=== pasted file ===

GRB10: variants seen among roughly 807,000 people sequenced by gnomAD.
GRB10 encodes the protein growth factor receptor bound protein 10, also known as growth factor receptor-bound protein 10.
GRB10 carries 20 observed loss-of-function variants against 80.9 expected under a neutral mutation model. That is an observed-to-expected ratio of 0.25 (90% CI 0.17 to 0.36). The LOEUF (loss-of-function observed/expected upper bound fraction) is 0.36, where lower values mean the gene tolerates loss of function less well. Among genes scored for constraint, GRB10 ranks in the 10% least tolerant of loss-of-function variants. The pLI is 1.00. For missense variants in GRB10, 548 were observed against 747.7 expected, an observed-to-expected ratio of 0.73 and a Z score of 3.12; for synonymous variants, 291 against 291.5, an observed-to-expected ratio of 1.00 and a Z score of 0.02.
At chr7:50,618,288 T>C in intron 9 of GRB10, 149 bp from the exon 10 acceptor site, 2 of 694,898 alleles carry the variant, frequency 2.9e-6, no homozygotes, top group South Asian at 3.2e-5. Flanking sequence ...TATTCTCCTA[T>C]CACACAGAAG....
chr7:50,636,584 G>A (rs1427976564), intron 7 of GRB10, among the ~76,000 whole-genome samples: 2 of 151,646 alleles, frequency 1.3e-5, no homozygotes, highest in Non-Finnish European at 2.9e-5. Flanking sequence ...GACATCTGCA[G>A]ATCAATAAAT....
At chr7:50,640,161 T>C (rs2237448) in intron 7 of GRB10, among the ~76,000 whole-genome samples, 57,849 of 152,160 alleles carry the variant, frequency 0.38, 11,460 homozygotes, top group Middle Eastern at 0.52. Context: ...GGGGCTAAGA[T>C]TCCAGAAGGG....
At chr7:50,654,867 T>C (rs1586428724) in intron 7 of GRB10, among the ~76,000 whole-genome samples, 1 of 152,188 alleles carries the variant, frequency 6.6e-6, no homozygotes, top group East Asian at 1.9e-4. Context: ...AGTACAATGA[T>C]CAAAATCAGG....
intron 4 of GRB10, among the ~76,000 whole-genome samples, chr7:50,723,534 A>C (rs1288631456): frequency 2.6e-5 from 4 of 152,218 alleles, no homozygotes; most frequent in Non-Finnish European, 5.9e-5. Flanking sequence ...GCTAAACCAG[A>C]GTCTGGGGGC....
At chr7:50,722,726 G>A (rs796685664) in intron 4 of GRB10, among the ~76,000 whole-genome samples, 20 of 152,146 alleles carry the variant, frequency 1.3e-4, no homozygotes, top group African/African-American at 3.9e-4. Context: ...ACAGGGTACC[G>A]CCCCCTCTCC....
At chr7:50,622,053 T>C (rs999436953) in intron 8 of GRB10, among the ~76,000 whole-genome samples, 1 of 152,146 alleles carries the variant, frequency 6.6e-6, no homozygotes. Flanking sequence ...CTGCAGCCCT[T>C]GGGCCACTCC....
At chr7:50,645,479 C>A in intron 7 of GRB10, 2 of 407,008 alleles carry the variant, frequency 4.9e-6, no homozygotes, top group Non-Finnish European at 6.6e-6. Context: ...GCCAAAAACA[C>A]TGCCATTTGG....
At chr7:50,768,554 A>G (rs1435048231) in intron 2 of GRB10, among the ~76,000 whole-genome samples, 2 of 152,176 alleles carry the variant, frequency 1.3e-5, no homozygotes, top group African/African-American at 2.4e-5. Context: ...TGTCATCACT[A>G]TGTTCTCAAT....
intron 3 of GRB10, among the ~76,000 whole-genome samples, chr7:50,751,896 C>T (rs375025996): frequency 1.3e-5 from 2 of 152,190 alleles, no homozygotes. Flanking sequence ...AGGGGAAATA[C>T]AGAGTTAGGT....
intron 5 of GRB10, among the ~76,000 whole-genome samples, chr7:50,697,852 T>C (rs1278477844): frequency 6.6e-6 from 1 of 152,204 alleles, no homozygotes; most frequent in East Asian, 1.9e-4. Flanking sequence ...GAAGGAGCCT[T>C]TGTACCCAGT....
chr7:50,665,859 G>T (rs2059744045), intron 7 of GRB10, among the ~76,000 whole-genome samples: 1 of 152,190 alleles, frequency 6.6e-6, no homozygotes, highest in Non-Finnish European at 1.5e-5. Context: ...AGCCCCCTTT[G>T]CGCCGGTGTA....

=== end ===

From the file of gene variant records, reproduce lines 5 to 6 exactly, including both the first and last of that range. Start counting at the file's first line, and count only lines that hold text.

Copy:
chr7:50,636,584 G>A (rs1427976564), intron 7 of GRB10, among the ~76,000 whole-genome samples: 2 of 151,646 alleles, frequency 1.3e-5, no homozygotes, highest in Non-Finnish European at 2.9e-5. Flanking sequence ...GACATCTGCA[G>A]ATCAATAAAT....
At chr7:50,640,161 T>C (rs2237448) in intron 7 of GRB10, among the ~76,000 whole-genome samples, 57,849 of 152,160 alleles carry the variant, frequency 0.38, 11,460 homozygotes, top group Middle Eastern at 0.52. Context: ...GGGGCTAAGA[T>C]TCCAGAAGGG....